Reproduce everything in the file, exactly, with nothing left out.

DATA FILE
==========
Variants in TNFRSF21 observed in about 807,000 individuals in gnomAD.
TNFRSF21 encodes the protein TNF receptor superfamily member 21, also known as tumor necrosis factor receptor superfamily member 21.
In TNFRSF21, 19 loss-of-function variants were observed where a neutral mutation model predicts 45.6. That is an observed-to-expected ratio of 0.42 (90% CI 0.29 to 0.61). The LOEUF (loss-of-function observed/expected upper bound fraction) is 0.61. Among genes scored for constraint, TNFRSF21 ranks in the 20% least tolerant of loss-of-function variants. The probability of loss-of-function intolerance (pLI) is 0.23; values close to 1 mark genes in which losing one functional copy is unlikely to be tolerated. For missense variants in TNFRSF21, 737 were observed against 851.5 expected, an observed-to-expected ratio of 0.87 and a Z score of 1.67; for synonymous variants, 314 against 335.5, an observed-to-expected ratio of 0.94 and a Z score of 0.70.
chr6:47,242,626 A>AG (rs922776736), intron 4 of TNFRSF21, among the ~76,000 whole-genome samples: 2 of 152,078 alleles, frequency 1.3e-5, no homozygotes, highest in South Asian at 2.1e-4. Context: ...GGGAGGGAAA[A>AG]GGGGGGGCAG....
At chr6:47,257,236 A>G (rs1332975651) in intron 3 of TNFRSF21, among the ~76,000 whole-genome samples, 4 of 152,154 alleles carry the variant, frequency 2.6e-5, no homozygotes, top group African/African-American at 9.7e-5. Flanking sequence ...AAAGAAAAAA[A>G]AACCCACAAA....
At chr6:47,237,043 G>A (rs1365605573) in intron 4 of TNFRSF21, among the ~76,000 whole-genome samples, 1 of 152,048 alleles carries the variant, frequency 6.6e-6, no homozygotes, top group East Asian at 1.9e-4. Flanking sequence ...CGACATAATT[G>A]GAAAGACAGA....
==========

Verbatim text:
Variants in TNFRSF21 observed in about 807,000 individuals in gnomAD.
TNFRSF21 encodes the protein TNF receptor superfamily member 21, also known as tumor necrosis factor receptor superfamily member 21.
In TNFRSF21, 19 loss-of-function variants were observed where a neutral mutation model predicts 45.6. That is an observed-to-expected ratio of 0.42 (90% CI 0.29 to 0.61). The LOEUF (loss-of-function observed/expected upper bound fraction) is 0.61. Among genes scored for constraint, TNFRSF21 ranks in the 20% least tolerant of loss-of-function variants. The probability of loss-of-function intolerance (pLI) is 0.23; values close to 1 mark genes in which losing one functional copy is unlikely to be tolerated. For missense variants in TNFRSF21, 737 were observed against 851.5 expected, an observed-to-expected ratio of 0.87 and a Z score of 1.67; for synonymous variants, 314 against 335.5, an observed-to-expected ratio of 0.94 and a Z score of 0.70.
chr6:47,242,626 A>AG (rs922776736), intron 4 of TNFRSF21, among the ~76,000 whole-genome samples: 2 of 152,078 alleles, frequency 1.3e-5, no homozygotes, highest in South Asian at 2.1e-4. Context: ...GGGAGGGAAA[A>AG]GGGGGGGCAG....
At chr6:47,257,236 A>G (rs1332975651) in intron 3 of TNFRSF21, among the ~76,000 whole-genome samples, 4 of 152,154 alleles carry the variant, frequency 2.6e-5, no homozygotes, top group African/African-American at 9.7e-5. Flanking sequence ...AAAGAAAAAA[A>G]AACCCACAAA....
At chr6:47,237,043 G>A (rs1365605573) in intron 4 of TNFRSF21, among the ~76,000 whole-genome samples, 1 of 152,048 alleles carries the variant, frequency 6.6e-6, no homozygotes, top group East Asian at 1.9e-4. Flanking sequence ...CGACATAATT[G>A]GAAAGACAGA....